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Rep. Linda Sánchez’s Husband Indicted for Theft of Federal Funds

California Democrat dropped leadership bid citing “unexpected family matter”

House Democratic Caucus Vice Chair Linda Sanchez, D-Calif., says she’s dropping out of the race for caucus chair because her husband is facing federal charges. (Tom Williams/CQ Roll Call file photo)
House Democratic Caucus Vice Chair Linda Sanchez, D-Calif., says she’s dropping out of the race for caucus chair because her husband is facing federal charges. (Tom Williams/CQ Roll Call file photo)

The “unexpected family matter” cited by California Rep. Linda T. Sánchez in withdrawing from the race for House Democratic Caucus chair relates to her husband, who was indicted on theft and conspiracy charges related to spending corporate money on personal trips, including some allegedly spent on Sánchez. 

“Earlier today I learned that my husband is facing charges in Connecticut,” Sánchez said in a statement Thursday. “After careful consideration of the time and energy being in leadership demands, I have decided that my focus now needs to be on my son, my family, and my constituents in California.”

Sánchez, the current vice chairwoman of the Democratic Caucus, was expected to face fellow California Rep. Barbara Lee for the caucus chair position.  New York Rep. Hakeem T. Jeffries joined the race earlier Thursday. 

Sánchez’s husband, James Sullivan, was one of five individuals associated with the Connecticut Municipal Electric Energy Corporation indicted by a federal grand jury for spending more than $800,000 of the corporation’s money on personal trips.

The CMEEC is a cooperative public corporation that has membership agreements with Connecticut municipalities that allows the towns’ electric utilities to work together to furnish power to the combined areas. The CMEEC membership agreement requires excess revenues to be returned to the member towns to help keep electricity costs stable. 

The indictment against Sullivan and his CMEEC colleagues, all of whom hold or have held board or executive positions, spent corporate money on trips to the Kentucky Derby in 2015 and 2016 and to a luxury golf resort in West Virginia in 2015.

They directed the funds used to pay for the trips from the CMEEC Margin account, without a vote of the board and written consent of the member towns as required by the membership agreement.

The indictment says they spent more than $800,000 on travel expenses, private chartered airfare, first-class hotel accommodations, meals, tickets to sporting events, golf fees, souvenirs and gifts.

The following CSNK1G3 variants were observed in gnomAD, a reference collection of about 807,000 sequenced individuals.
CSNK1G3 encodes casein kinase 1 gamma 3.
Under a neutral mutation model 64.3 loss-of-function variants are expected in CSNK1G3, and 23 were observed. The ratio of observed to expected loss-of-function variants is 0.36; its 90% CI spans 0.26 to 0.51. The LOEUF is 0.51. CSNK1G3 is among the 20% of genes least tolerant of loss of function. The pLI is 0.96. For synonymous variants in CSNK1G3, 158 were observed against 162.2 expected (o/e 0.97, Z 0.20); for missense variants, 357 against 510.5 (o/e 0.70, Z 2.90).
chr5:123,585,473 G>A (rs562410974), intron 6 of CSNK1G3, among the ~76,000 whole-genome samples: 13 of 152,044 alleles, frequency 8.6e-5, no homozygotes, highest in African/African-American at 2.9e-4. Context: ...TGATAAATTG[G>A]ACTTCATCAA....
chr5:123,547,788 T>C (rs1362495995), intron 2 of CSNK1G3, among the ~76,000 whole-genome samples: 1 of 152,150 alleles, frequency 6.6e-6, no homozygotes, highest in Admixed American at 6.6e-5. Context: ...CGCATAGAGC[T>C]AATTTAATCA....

Sullivan and the other four defendants were charged with one count of conspiracy, which carries a maximum sentence of five years, and three counts of theft concerning a program receiving federal funds, which a maximum sentence of 10 years.

A second indictment doubling the charges for Sullivan and one of the other defendants, Drew Rankin, alleges that Sullivan submitted personal expenses on his corporate expense reports that Rankin approved.

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The personal expenses Sullivan charged to CMEEC include airfare for dozens of flights he took and trips for his family to attend the Kentucky Derby in 2013, 2014, and 2015. 

The indictment also says he charged CMEEC for airfare for a flight Sánchez took to Key West, Florida, in December 2014.

It is unclear if Sánchez was aware of how the trips were funded. 

“CMEEC has received millions of dollars in grants from the U.S. Department of Energy,” U.S. Attorney John H. Durham said in a statement. “Instead of protecting these funds and returning excess revenue to member towns and ratepayers, these defendants are alleged to have used the CMEEC Margin Account as a secret slush fund to pay for lavish junkets for themselves and their family and friends, as well as for other inappropriate expenses.  

Sullivan and the other four defendants pleaded not guilty Thursday to the charges at a federal court in New Haven, Conn. They were each released on a $100,000 bond.


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